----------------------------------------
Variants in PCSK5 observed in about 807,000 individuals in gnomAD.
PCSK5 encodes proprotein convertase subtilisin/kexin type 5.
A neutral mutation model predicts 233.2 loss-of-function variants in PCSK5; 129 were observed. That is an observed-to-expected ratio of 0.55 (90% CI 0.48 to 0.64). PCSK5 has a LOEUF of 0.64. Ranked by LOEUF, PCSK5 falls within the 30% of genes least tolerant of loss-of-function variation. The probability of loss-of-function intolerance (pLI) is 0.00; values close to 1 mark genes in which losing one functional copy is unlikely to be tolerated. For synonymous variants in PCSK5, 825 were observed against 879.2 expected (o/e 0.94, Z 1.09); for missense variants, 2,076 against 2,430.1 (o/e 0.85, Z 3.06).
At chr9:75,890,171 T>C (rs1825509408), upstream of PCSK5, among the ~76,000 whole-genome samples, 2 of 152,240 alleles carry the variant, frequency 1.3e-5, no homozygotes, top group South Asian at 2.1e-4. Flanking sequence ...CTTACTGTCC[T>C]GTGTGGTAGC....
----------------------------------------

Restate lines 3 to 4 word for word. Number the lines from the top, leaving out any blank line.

A neutral mutation model predicts 233.2 loss-of-function variants in PCSK5; 129 were observed. That is an observed-to-expected ratio of 0.55 (90% CI 0.48 to 0.64). PCSK5 has a LOEUF of 0.64. Ranked by LOEUF, PCSK5 falls within the 30% of genes least tolerant of loss-of-function variation. The probability of loss-of-function intolerance (pLI) is 0.00; values close to 1 mark genes in which losing one functional copy is unlikely to be tolerated. For synonymous variants in PCSK5, 825 were observed against 879.2 expected (o/e 0.94, Z 1.09); for missense variants, 2,076 against 2,430.1 (o/e 0.85, Z 3.06).
At chr9:75,890,171 T>C (rs1825509408), upstream of PCSK5, among the ~76,000 whole-genome samples, 2 of 152,240 alleles carry the variant, frequency 1.3e-5, no homozygotes, top group South Asian at 2.1e-4. Flanking sequence ...CTTACTGTCC[T>C]GTGTGGTAGC....